Teaching young people to skillfully sort fact from fiction on the internet is vital work. Students’ ability to find trustworthy information will affect themselves, their communities, and the world. And yet, there are few resources for teachers regarding how to teach students effective strategies for evaluating online information. We’ve developed this resource as a small start toward meeting that need.
What follows are recommendations for professional learning on how to improve students’ online reasoning. We’ve designed these resources to be used flexibly with colleagues in your department, school, and beyond. Central to this professional learning framework are classroom simulations that offer opportunities to observe student challenges, reflect on instruction, and plan best practices in teaching Civic Online Reasoning. These activities are delivered on a free online platform called Teaching Moments or can be reviewed as Google Docs or printed pages. You may choose to have participants complete these activities before professional learning meetings or during them.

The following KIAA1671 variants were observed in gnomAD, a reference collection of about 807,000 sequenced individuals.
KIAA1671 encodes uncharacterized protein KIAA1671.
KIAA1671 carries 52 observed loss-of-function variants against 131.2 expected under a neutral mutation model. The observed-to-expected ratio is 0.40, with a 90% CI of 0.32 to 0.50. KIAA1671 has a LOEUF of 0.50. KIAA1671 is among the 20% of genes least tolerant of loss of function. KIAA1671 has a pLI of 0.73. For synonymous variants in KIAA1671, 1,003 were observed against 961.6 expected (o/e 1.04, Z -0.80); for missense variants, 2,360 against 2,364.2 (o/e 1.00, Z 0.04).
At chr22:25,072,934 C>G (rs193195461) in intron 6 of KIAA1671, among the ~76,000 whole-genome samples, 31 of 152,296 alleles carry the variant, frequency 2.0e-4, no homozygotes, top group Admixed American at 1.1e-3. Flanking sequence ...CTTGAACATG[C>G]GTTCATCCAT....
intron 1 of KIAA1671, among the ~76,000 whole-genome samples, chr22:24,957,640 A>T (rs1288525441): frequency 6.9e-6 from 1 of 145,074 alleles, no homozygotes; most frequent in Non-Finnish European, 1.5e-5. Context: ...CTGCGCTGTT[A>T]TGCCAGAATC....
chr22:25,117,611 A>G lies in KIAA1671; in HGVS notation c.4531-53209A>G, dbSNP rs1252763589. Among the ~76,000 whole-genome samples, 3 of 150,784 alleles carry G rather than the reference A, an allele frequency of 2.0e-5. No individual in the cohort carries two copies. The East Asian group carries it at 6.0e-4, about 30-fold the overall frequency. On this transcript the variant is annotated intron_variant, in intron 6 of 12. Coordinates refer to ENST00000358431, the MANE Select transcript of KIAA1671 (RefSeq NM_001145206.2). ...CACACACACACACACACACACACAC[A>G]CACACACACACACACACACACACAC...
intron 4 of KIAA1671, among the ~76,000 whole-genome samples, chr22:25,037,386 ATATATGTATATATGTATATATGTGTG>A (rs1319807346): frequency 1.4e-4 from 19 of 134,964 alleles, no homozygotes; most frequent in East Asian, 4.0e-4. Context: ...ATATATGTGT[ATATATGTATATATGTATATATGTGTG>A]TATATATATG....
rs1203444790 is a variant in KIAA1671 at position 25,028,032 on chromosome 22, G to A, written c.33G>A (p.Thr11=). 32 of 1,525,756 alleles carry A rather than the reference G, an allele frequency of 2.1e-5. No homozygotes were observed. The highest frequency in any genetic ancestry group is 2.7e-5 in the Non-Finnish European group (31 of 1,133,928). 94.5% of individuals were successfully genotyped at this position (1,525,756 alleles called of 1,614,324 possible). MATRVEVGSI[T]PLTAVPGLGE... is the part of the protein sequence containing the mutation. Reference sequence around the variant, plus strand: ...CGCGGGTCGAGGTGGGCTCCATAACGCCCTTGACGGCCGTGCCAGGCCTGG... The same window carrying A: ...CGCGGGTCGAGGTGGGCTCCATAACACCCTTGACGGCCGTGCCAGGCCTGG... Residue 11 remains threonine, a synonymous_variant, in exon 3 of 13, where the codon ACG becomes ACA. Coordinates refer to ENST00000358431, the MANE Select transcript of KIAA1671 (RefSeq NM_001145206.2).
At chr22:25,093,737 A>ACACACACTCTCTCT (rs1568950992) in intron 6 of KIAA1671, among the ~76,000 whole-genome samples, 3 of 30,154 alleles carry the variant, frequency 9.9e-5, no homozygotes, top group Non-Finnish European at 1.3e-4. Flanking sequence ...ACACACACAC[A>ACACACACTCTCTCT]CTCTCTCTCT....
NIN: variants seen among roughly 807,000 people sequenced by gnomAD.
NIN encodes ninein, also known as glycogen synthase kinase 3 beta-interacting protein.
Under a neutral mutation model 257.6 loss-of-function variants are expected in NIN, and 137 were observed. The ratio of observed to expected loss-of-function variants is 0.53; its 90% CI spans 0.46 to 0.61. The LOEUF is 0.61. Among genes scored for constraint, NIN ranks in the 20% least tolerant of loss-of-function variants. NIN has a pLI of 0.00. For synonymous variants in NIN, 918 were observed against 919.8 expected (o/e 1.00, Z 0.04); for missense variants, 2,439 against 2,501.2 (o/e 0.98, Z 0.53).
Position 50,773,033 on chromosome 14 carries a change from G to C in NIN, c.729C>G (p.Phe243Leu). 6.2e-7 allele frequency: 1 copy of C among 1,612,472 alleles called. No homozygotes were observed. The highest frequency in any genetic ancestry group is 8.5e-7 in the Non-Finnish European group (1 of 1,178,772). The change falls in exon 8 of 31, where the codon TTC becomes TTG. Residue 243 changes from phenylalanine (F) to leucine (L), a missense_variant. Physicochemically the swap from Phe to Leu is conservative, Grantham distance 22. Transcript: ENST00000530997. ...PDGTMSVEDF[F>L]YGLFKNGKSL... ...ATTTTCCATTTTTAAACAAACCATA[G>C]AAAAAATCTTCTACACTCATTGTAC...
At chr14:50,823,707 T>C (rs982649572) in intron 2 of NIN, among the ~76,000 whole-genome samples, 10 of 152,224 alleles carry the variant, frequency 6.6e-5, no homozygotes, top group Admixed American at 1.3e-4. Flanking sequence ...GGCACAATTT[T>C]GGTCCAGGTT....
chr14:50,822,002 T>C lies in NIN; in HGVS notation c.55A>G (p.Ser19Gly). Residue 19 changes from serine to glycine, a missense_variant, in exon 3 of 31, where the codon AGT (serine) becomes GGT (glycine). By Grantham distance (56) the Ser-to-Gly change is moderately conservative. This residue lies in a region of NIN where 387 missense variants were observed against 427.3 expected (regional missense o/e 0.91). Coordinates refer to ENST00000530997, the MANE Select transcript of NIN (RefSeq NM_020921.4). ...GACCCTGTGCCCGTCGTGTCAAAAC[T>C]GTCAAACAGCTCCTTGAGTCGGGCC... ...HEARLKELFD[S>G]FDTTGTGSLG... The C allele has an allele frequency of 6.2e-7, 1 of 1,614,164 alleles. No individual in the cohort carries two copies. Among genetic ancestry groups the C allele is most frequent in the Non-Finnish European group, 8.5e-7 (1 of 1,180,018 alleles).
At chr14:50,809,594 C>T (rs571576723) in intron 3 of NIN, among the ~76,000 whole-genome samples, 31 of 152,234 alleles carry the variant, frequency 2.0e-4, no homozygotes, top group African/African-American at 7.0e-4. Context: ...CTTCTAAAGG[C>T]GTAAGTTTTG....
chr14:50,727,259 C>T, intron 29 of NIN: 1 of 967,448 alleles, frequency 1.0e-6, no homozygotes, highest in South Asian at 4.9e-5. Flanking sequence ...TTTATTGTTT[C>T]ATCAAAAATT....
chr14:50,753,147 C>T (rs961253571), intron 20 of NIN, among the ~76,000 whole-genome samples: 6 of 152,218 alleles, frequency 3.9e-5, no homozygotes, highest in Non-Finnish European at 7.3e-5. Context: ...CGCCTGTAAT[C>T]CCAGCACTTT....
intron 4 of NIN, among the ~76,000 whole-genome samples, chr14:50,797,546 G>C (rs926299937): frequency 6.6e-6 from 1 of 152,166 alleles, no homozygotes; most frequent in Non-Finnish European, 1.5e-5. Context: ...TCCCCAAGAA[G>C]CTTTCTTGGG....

How To Use This Resource
We encourage professional learning communities, such as departments, curriculum teams, or committees, to use these resources and have included suggestions for how to structure each session. We encourage groups to modify the materials to best suit their needs and interests.
The classroom simulations are designed to be used sequentially, starting with Session 1 and ending with Session 4. For those looking to do just one session, we recommend Session 1 or 3. For those planning to do two or three sessions, we recommend doing Session 4 only if you’ve completed Session 1.